Seeking Divine Mercy
The Holy Bible
Where did it come from?
One of the most basic questions that every Christian should want to know the answer to is; “where did the Holy Bible come from”? Although we realize it is through the guidance of the Holy Spirit, “the Inspired Word of God”, obviously it didn’t just appear or drop from the sky. Yet, most Christians have no idea as to its origin or lineage and have never pursued the subject to learn the answer to that question.
Routinely, many protestant institutions of higher theological learning do not wish to delve too deeply into the subject of Bible origin because of where the answers will impeccably lead and what may result once one has truly learned its origin, purpose and lineage. In recognizing that the Gospels of the New Testament were written by the apostles or early disciples of the apostles on their behalf during the infancy of Christianity, and that these texts have been unquestionably Inspired by the Holy Spirit, learning how the Bible came to exist would further lead to interests of the ancient texts written by the Early Church Fathers and you will soon understand why. From there, the lineage of the Catholic Faith as the truth in Christianity would be obvious reflecting the consistency and fullness of the teachings of Jesus Christ.
There are many sources of specific technical and historical information available for those who wish to delve deeply into the historic facts so we do not intend to repeat that data here. Our intent in this writing is to provide a factual, realistic, rational narrative in a simplified but verifiable and indisputable account of the origin of the Holy Bible, how it came to be and why there are so many “versions” of interpretation and in some cases with removed content available today; that is, verifiable and indisputable in its origin, consistency and interpretation through the teachings of Catholicism for those who wish to learn.
Jesus founded His Church for the purpose of preaching His Gospel in order to provide all man the means to achieve personal salvation (Matthew Ch16; 15-19). The establishment of the Catholic Church and its initial hierarchy beginning with the apostles is well attested to in the New Testament. First it is necessary to understand how the “Catholic” Church came to be known as Catholic in order to realize its lineage as the one true Church Jesus founded with His Blood.
In ancient society those who were followers of a particular faith, teaching or teacher were usually labeled by those outside the fellowship in a manner reflective of their teacher or teachings. This has been a very common practice in all societies throughout history. Based on Scripture and recorded history it is evident that during the beginning of the establishment of the Christian Faith, the apostles referred to the teachings of Jesus Christ as the “way”. This is also reflected in the “Didache”. The Didache is the first written text of the apostles, at times looked upon as the first Catechism of the Catholic Faith outlining the teachings of Jesus Christ long before the Bible existed. The Didache is also known as “the way of life” and “the way of death”, hence, the way.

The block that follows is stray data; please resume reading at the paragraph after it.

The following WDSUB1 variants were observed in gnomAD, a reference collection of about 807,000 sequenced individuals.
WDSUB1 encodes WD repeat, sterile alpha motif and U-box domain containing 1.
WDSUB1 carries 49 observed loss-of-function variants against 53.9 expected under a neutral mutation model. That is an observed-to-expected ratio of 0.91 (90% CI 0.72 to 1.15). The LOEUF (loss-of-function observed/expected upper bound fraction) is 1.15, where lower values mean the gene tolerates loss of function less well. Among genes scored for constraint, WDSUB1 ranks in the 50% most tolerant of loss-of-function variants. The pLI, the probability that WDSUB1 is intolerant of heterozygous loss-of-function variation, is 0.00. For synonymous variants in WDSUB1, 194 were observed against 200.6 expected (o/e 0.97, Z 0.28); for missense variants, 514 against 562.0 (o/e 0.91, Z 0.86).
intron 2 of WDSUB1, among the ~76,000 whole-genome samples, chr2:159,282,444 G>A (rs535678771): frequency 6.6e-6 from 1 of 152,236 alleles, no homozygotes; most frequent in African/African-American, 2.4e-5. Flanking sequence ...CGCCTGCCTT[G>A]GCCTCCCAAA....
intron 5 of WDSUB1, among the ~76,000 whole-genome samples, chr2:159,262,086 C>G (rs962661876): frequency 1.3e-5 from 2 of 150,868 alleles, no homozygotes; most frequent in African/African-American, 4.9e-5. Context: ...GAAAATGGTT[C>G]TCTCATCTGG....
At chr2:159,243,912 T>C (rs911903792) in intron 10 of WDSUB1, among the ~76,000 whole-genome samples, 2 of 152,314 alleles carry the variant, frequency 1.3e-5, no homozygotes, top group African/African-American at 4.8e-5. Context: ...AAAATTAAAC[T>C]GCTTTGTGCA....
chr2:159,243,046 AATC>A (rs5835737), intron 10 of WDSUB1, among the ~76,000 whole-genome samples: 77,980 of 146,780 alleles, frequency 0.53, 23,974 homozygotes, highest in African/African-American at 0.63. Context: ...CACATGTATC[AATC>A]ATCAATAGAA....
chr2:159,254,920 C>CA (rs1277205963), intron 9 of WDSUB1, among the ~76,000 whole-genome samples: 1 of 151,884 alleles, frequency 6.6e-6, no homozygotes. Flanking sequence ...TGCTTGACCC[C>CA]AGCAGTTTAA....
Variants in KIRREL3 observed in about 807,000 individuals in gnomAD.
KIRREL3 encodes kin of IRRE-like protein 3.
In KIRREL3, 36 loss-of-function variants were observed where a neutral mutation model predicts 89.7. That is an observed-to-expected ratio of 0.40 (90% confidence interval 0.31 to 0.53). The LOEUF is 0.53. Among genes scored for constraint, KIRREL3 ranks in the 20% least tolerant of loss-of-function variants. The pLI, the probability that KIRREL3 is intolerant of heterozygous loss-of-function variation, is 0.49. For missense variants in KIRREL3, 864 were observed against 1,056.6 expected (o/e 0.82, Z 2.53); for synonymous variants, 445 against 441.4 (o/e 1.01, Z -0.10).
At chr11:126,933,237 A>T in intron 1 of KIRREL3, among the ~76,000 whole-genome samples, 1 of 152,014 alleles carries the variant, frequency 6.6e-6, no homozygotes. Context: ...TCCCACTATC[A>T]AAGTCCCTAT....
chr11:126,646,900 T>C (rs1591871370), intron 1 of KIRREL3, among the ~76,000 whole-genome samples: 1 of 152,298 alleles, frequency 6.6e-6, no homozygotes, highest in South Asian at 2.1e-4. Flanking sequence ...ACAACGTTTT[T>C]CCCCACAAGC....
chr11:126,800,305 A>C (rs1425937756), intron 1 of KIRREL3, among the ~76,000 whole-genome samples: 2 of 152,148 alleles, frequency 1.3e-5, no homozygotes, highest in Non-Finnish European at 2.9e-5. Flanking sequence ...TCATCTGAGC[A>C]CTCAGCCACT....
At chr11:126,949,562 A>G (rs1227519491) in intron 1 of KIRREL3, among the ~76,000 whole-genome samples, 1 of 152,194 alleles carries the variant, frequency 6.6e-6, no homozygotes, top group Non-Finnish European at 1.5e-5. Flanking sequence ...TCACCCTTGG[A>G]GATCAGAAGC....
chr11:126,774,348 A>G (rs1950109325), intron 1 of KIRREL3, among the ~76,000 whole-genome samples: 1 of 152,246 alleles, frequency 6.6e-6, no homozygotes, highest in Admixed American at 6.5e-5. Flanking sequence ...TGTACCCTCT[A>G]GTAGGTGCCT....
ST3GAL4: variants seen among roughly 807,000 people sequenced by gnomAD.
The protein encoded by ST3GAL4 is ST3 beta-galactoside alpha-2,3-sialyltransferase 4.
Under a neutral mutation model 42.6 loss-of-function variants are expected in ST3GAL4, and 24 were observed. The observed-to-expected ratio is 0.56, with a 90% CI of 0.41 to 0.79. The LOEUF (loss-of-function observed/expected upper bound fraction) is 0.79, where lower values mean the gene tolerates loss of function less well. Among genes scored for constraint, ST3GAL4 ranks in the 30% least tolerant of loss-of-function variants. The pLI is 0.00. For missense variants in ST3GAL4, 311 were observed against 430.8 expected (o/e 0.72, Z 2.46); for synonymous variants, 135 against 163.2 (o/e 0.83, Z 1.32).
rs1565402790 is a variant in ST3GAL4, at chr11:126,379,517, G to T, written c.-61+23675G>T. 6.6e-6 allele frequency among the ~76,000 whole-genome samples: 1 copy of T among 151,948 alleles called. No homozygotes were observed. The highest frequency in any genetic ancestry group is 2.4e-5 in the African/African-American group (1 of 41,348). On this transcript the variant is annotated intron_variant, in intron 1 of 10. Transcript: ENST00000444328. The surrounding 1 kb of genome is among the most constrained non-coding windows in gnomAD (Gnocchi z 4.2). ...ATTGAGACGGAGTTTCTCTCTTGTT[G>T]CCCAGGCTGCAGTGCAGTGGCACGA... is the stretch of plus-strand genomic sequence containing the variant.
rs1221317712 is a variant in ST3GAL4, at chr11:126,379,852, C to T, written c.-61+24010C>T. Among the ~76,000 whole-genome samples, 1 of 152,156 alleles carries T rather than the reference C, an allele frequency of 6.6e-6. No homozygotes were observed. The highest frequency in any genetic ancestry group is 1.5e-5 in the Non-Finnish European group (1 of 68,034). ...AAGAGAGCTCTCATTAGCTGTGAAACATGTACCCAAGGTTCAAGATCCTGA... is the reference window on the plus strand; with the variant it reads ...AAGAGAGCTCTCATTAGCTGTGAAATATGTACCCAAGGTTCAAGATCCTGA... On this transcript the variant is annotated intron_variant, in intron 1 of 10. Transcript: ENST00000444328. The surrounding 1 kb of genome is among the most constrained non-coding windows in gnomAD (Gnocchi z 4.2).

Originally, it was not the apostles who referred to themselves or
the followers of Christ as “Christians”. This designation was placed on the
followers during the period Paul served in his ministry with others in
The Catholic Church has been commissioned by Christ as the guardian of what has been known as the “Deposit of Faith”. The deposit of faith is the complete and accurate teachings of Jesus Christ, protected from distortion within three equally indispensable components; “Sacred Scripture”, “Sacred Tradition”, and the “Magisterium” of the Catholic Church. Protestantism virtually rejects all but Sacred Scripture. There were however, such men as John Wesley who did in fact speak of tradition, but he did not refer to ancient Church Tradition (always designated with an upper case ‘T’) as is meant by the Church's use of the term nor the writings of the great theologians and Church Fathers as their writings attested. He promoted tradition’s adaptation based on social conditions and their related religious influences as they contributed to a person's independent understanding of God and of Christian theology for a given era.